End of the Procycling cover curse?
By Peter Cossins, Editor | Monday, April 21, 2008 5.26pm
Damiano Cunego, getting a little sugar on the podium Sunday. Tim de Waele
I was delighted to see Damiano Cunego power away from the rest of a very strong leading group on the final climb of the Cauberg to win his first Amstel Gold title on Sunday.
My pleasure was partly down to the fact that it confirmed the Italian’s return to the top level after it had started to look like his 2004 Giro d’Italia victory was a one-off and underlined that he’s a genuine contender for the Tour de France title.
But, more than that, I was happy because we chose Damiano as the cover star of our next issue, which is an Italian special covering the Giro and much else besides in one of the few the world’s great cycling nations. While I’d like to say I’m chuffed because we knew exactly what Cunego was going to do during the Classics and had wagered everything we had on him, sadly that was not the case.
However, his Amstel win highlighted a change in the luck of Procycling cover stars, who have often been stricken by bad luck in the shape of injuries or a loss of form, or total career meltdown in the shape of doping-enforced retirement.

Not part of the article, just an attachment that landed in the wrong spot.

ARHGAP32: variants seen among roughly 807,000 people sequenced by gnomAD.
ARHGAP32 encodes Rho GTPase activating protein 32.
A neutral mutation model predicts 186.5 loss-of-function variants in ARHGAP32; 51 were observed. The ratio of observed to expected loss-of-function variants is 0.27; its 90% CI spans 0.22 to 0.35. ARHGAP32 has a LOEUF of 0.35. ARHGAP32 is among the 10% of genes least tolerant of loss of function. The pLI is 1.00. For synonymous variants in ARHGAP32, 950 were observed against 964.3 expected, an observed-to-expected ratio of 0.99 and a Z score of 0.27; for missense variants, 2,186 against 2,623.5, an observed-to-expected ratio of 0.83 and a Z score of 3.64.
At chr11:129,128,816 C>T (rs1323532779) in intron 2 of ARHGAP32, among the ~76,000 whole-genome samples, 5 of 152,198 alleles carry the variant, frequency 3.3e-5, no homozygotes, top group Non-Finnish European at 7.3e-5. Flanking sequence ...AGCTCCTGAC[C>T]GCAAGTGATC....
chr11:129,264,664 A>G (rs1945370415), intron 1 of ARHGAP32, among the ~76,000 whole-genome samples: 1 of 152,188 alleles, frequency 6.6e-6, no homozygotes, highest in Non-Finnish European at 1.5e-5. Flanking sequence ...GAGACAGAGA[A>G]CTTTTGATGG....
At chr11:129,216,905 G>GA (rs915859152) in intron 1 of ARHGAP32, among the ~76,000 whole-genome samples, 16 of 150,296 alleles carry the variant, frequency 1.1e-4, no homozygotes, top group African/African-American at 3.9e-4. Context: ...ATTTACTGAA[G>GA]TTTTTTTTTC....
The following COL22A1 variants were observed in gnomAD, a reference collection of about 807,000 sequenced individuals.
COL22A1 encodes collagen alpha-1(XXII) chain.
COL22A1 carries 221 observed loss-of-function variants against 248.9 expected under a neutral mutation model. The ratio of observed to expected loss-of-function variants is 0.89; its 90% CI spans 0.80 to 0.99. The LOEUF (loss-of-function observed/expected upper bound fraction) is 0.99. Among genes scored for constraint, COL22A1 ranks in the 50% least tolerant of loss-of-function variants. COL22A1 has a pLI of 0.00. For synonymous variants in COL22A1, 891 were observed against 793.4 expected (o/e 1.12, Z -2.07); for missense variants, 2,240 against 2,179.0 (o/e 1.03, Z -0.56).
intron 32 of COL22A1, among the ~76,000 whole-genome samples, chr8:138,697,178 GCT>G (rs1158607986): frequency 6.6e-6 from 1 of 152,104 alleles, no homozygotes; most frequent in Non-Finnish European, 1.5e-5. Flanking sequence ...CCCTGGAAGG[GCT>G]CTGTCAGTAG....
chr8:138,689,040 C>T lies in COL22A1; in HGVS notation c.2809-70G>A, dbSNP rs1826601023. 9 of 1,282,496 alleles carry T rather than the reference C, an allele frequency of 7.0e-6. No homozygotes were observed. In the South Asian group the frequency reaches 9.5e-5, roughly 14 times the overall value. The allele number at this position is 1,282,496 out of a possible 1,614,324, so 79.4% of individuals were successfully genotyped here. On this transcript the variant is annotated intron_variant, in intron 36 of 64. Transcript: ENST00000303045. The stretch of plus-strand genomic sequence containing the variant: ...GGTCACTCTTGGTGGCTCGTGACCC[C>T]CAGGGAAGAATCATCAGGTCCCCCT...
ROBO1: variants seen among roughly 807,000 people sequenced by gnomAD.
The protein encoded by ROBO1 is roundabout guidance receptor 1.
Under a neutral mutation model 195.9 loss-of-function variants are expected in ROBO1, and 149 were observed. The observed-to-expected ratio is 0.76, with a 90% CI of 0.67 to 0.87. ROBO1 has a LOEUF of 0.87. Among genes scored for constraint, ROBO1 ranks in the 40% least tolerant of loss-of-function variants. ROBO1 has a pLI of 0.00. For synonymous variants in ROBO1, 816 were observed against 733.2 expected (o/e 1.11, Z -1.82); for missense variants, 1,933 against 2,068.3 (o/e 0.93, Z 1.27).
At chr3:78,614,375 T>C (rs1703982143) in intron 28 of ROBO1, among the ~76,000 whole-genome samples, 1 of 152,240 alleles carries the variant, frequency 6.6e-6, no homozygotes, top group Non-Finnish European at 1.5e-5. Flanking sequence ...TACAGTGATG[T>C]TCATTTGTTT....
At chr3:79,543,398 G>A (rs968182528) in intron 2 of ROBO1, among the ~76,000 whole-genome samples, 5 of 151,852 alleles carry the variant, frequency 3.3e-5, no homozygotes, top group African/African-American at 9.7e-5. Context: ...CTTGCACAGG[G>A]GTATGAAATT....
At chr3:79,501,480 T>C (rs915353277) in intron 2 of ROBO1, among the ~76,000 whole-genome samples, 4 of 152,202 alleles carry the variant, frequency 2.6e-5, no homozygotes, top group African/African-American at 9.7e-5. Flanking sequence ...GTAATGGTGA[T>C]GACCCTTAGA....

The worst case of this I can remember was going out to Switzerland in August 2003 to interview Cadel Evans at home as he built up to leading Team Telekom’s challenge at the Vuelta. All went well until Evans broke his collarbone a week before the issue went on sale, ensuring sales probably weren’t as stellar as they could have been. Others to suffer what seemed to be the “curse of the Procycling cover” were Floyd Landis, Ivan Basso and Jan Ullrich – all for doping offences on consecutive months in 2006 – and George Hincapie who missed a whole Classics season through injury after we bigged him up.
Another reason I was pleased to see Cunego storming clear on the Cauberg was because of the radical changes to his training regime that he explains in the May issue of Procycling, which goes on sale in the UK this Thursday.
Of course, I’m not going to give anything away here, but it was interesting to see how much the rider felt his form over the past three seasons had been affected his methods that didn’t suit him, and how quickly he seems to have rectified his problems. He looks a rider reborn, and must now start as favourite for Flèche this Wednesday and Liège-Bastogne-Liège at the weekend.
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